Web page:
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With support for a shockingly high number of Linux distributions and an easy-to-use Windows interface, Linux Live USB Creator makes the creation of USB boot disks effortless. From downloading the ISO to formatting your drive, there’s not much about USB booting this application doesn’t make easier than similar software.
Feel free to download Linux Live USB right now, and keep reading for an overview of the program.
5 Simple Steps
First things first: fire up the program. You’ll see 5 sub-windows, representing the five steps to making a Live USB key. The first is simple enough:
That’s right: you need to pick which key you want to boot Linux from. Once you’ve done this, pick the version of Linux you want to boot. If you’ve got an ISO or a CD handy you can use that, or you can pick from many downloadable distros:
If you select a distro from this list the program will take care of downloading the ISO for you:
So far, so good. If you want your key to keep downloaded programs and documents in place, you’re going to want persistence mode. This is step 3; simply scroll to leave room:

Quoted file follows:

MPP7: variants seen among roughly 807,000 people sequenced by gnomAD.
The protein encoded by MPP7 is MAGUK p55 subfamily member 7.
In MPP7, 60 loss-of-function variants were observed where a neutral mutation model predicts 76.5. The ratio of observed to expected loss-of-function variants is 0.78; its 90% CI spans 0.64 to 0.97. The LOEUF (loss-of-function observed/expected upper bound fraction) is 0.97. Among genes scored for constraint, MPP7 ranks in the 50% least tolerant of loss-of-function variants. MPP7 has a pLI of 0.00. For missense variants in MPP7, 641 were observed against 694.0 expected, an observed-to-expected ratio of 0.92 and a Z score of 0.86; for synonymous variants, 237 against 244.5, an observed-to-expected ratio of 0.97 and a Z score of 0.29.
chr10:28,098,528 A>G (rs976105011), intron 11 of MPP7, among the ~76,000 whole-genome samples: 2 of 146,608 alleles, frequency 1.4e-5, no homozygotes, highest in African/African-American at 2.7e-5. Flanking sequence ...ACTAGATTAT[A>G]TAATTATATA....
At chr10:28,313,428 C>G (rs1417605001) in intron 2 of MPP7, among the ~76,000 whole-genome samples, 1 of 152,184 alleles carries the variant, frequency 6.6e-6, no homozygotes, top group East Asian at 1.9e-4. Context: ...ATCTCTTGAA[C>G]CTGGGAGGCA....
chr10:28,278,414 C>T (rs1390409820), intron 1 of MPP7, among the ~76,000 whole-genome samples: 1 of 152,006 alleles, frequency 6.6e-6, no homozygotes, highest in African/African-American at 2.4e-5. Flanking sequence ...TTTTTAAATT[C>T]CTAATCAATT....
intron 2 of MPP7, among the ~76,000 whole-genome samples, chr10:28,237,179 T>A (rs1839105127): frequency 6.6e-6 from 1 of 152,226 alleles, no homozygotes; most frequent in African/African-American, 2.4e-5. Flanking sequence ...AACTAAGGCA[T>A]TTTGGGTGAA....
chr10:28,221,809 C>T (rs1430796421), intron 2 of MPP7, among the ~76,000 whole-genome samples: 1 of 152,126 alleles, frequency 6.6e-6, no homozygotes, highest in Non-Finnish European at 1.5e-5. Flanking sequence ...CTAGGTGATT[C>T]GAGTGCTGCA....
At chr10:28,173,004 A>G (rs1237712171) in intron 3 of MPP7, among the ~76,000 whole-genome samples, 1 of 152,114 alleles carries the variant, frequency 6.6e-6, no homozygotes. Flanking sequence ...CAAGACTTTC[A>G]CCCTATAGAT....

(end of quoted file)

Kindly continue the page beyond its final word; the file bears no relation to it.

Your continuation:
Step four is optional, but includes some handy tools:
Here you can choose to hide the created files on your key from being seen by Windows, useful if you plan to use your key for more than just booting Linux. You can optionally format the drive you’re writing to, and choose whether or not you want your Linux distro to be loadable in Windows.
Once you’re done you can click the lightning bolt in the fifth box to start the creation of your live CD. Congratulations; you’ve got yourself a bootable USB key.
Live Virtual Machine
The options include a step for launching your key in Windows. What is that about? Well, once your disk is created, open it up in Windows Explorer. You’ll find a new file that looks like this:
You can click this to boot your Linux distro without rebooting Windows, which is handy from time to time. Naturally you’re going to want a pretty powerful computer to try this out, but it’s a nice added touch.
Wow. Just, wow. This program supports the automatic downloading and installation of many different Linux distributions. Highlights include:
There’s more; check out Live Linux USB’s official list of Linux distros for a complete list.
Linux Live USB isn’t the first program to help users make live USB keys; uNetBootin does the same job. What Linux Live USB does better than this program is make the process painless. It’s worth checking out just for that, but according to blog OMG Ubuntu, this program works more consistently than others. So it’s easier and better.
Do you like this tool? Let us know in the comments below. Also feel free to share other tools for the job, and to discuss your favorite Linux distributions.